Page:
Shane Bieber Should Be Seen as the American League MVP Favorite

Cleveland’s ace is the best choice to win the AL MVP over a pack of undistinguishable position players who all have their warts.

In last season’s All-Star Game in Cleveland, Shane Bieber won the MVP in front of the hometown crowd by simply striking out Willson Contreras, Ketel Marte and Ronald Acuna Jr. in the fifth inning. It was a small sample size, but in a game where the winning American League team didn’t have any particularly outstanding hitter—none of them reached base, scored a run or drove a runner in more than once—it was a deserved honor for the only AL starter to strike out the side.

That logic also may end up applying to this year’s AL MVP race. In a regular season about 37 percent as long as a normal schedule, Bieber has established himself as the best pitcher in the Junior Circuit by a wide margin. The Orange, Calif. native is a sure bet to win the Cy Young; he leads AL pitchers in fWAR (2.9) by nearly a full run over closest competitor Dylan Bundy (2.0) of the Angels. 

And with just one more regular season start to go, he’s also set himself up to become the first pitcher to win MVP since Clayton Kershaw in 2014 and only the 11th pitcher to sweep both awards. Like his All-Star Game MVP, such a result would partially be owed to a no hitter separating himself from the pack.

This is not to diminish Bieber’s outstanding output. Not only does his 2.9 fWAR lead all AL pitchers; it’s also tied with National Leaguers Fernando Tatis Jr. and Freddie Freeman for the highest mark in the Majors. He’s set all sort of strikeouts records; his record pace of 13.9 strikeouts per nine innings is set to surpass the mark set just last season by Gerrit Cole, and he reached 100 strikeouts faster than any pitcher in MLB history. 

But with just a week left in the regular season (!), it’s remarkable how difficult it is to distinguish between the group of position player contenders, five of which Vegas oddsmakers give at least a 5 percent chance of winning the award. Each one has his warts.

Nap king Nelson Cruz has looked ageless at 40 years old, but not playing defense is an obvious drawback. Plus, he has nearly an identical slash line as he did last year, when he finished ninth in MVP voting. 

Chicago White Sox star Tim Anderson is sort of like the AL version of Fernando Tatis Jr. in that he’s a thrillingly athletic shortstop who represents the new age of players unafraid to flout unwritten rules. But unlike Tatis, who ranks first in Statcast’s all-encompassing outs above average defensive metric, Anderson ranks 37th among shortstops. 

Anderson’s teammate Jose Abreu leads the league with 53 RBI and 72 hits to go along with a blistering 1.032 OPS, but draws similarly poor grades for his defense. 

Home run leader Luke Voit isn’t as good of an all-around hitter of all the above players and, like Abreu, plays the least important defensive position, reflecting his status of holding the longest odds of any of them.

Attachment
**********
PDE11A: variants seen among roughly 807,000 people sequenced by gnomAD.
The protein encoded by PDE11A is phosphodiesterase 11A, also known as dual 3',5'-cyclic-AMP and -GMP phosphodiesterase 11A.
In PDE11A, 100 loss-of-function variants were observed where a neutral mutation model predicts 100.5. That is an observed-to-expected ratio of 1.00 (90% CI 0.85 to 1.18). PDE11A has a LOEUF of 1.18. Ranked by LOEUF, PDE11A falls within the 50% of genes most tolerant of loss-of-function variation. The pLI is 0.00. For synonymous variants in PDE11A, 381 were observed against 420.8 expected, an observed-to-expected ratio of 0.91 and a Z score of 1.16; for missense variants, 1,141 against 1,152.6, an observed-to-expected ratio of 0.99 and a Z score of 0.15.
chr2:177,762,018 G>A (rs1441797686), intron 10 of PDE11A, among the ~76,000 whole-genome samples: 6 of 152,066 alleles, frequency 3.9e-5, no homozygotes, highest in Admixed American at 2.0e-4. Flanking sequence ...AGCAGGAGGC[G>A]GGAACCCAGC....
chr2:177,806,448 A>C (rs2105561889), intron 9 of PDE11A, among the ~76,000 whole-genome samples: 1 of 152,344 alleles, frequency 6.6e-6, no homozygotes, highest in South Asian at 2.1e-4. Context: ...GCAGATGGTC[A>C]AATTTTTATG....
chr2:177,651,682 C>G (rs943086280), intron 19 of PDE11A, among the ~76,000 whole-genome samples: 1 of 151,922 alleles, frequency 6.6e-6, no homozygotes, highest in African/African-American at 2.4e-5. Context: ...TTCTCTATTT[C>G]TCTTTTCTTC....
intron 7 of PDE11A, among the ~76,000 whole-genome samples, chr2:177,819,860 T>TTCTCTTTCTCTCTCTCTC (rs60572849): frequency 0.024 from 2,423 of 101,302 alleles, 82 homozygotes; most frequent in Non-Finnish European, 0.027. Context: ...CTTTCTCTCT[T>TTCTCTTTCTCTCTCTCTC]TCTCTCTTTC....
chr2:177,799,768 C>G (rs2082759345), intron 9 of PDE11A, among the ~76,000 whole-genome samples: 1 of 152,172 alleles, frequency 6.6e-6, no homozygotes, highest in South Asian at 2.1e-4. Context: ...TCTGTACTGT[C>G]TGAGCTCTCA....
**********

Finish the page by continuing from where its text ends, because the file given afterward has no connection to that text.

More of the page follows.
Then, of course, there’s Mike Trout. The player of his generation has been stellar this season, but it hasn’t been a vintage Trout year thanks to diminished defensive metrics, just one stolen base and a more disappointing than usual Angels season.

Any of those guys—and even several more—could conceivably steal the MVP with a flashy grand finale. But with every American League postseason spot all but clinched, and division championships meaning less than ever, there probably won’t be a spectacular opportunity for any guy to steal the headlines and create a narrative as compelling as Bieber’s. 

The former walk-on at the University of California-Santa Barbara could end up striking out hitters at a higher rate than any starting pitcher in MLB history, a perfect symbol of the three true outcome era. So why not have the strikeout king claim another small sample sized award to add to his trophy case?

Quick hits:

  • The Padres and Yankees—perhaps the two franchises that least resemble each other—clinched postseason berths on Sunday. A rematch of the 1997 World Series would be pretty fun.
  • The Mets, who led MLB in batting average entering Sunday, could only muster one hit off Braves rookie Kyle Wright in his 6 1/3 innings of work. It was the best start of Wright’s career, and likely stuck a fork in New York’s postseason hopes. Atlanta has to hope Wright can build off that in his next appearance, because their postseason rotation is still very much unsettled. The fact that Wright and his 5.74 ERA is even in contention for a playoff start speaks to the Braves’ rotation struggles this season.
  • Dan Vogelbach hit two home runs for the Brewers and drove in all five of their runs in a 5-3 win over Kansas City on Sunday, continuing the 2019 All-Star’s unlikely resurgence in Milwaukee. Shipped off for peanuts by the Mariners to Toronto at the trade deadline after a miserable start to the season, Vogelbach was released by the Blue Jays after just four hitless at-bats, leaving him at 5-for-57 on the year. But the beer-bellied slugger has gone 15-for-36 with three homers and 10 RBI in 11 games for Milwaukee to help the Brew Crew leap back into the postseason picture.
  • Speaking of the postseason picture: Milwaukee, Cincinnati and San Francisco are all at .500 and tied for the final National League playoff spot (though the Reds are 27-27 while the Brewers and Giants are both 26-26). The Phillies are just a half-game ahead of those teams, with the Cardinals a half-game up on Philadelphia and the Marlins another half-game up on St. Louis. There will almost certainly be some final-day drama next Sunday. 


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